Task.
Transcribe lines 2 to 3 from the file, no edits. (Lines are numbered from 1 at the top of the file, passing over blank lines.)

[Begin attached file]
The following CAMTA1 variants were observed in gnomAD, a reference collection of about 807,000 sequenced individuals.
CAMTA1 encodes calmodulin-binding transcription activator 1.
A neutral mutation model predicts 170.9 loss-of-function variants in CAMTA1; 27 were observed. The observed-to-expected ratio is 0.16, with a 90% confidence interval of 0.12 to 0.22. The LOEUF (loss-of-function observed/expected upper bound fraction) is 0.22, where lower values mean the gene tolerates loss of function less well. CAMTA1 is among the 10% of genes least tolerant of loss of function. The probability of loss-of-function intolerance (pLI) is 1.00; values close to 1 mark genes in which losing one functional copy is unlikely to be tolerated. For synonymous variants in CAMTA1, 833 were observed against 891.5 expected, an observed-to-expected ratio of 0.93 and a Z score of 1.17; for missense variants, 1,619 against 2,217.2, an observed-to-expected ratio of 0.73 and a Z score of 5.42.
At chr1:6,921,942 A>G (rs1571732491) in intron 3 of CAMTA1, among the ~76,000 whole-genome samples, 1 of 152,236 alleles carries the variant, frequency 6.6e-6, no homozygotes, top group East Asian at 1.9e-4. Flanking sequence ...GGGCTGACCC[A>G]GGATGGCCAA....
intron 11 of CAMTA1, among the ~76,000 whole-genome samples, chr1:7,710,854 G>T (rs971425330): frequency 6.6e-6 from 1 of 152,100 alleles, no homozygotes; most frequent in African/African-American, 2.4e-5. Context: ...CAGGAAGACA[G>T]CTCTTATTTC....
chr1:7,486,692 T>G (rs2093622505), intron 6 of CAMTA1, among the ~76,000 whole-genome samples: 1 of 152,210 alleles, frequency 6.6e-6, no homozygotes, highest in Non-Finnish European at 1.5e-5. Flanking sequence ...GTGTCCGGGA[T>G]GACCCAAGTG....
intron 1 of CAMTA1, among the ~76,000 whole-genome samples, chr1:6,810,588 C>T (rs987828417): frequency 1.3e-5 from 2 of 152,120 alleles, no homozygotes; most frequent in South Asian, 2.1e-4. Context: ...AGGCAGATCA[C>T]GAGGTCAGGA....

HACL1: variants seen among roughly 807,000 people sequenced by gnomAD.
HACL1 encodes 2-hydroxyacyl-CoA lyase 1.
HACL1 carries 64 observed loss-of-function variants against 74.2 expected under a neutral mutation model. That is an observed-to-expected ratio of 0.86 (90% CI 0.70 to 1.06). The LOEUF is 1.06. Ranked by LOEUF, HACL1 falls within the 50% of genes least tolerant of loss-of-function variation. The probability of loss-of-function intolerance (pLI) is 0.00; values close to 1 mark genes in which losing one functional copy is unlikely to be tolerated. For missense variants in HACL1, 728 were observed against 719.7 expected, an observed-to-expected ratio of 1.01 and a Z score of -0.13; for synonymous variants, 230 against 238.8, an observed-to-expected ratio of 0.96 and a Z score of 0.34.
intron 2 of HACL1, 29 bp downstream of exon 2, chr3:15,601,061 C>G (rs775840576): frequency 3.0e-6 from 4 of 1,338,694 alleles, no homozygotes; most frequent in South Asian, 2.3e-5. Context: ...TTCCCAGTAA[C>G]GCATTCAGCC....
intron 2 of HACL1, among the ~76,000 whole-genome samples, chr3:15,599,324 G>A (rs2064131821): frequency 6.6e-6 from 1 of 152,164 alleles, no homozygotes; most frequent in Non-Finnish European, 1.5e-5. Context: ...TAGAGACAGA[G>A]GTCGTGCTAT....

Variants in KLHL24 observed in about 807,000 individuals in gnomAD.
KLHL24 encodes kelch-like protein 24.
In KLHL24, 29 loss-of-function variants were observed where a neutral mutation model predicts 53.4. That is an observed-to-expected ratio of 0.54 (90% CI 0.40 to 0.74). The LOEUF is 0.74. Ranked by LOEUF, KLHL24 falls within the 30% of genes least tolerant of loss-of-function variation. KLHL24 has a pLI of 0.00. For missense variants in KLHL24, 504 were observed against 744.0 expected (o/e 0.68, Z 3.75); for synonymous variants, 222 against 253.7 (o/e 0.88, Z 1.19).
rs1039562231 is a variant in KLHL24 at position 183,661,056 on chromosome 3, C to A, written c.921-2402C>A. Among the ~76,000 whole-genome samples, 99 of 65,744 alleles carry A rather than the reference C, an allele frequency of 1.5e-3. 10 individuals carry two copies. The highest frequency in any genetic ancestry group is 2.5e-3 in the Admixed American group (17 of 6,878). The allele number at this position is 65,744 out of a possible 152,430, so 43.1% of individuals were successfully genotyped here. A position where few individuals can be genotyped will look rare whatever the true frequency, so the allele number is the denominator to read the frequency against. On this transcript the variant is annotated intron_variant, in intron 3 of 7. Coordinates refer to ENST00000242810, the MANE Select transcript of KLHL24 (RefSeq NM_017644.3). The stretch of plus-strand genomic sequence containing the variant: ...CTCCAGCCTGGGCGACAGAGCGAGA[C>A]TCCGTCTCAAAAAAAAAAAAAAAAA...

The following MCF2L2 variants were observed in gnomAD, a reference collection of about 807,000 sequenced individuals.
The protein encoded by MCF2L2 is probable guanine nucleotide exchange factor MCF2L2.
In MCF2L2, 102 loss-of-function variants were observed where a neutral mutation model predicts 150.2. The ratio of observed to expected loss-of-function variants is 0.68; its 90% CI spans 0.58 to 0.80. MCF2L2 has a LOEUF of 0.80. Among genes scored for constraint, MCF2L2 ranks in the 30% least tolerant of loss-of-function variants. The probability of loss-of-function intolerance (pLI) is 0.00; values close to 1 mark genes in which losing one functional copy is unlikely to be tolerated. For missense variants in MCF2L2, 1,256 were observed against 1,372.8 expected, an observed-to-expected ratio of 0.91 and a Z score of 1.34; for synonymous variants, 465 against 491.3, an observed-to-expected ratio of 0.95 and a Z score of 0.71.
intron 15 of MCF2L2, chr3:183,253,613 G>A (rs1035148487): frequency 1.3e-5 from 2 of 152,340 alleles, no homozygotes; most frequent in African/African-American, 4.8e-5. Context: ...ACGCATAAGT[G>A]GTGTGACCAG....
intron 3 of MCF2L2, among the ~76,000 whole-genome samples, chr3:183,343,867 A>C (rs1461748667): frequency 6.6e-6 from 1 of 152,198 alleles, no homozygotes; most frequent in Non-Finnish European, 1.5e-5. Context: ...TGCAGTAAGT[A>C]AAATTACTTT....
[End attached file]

CAMTA1 encodes calmodulin-binding transcription activator 1.
A neutral mutation model predicts 170.9 loss-of-function variants in CAMTA1; 27 were observed. The observed-to-expected ratio is 0.16, with a 90% confidence interval of 0.12 to 0.22. The LOEUF (loss-of-function observed/expected upper bound fraction) is 0.22, where lower values mean the gene tolerates loss of function less well. CAMTA1 is among the 10% of genes least tolerant of loss of function. The probability of loss-of-function intolerance (pLI) is 1.00; values close to 1 mark genes in which losing one functional copy is unlikely to be tolerated. For synonymous variants in CAMTA1, 833 were observed against 891.5 expected, an observed-to-expected ratio of 0.93 and a Z score of 1.17; for missense variants, 1,619 against 2,217.2, an observed-to-expected ratio of 0.73 and a Z score of 5.42.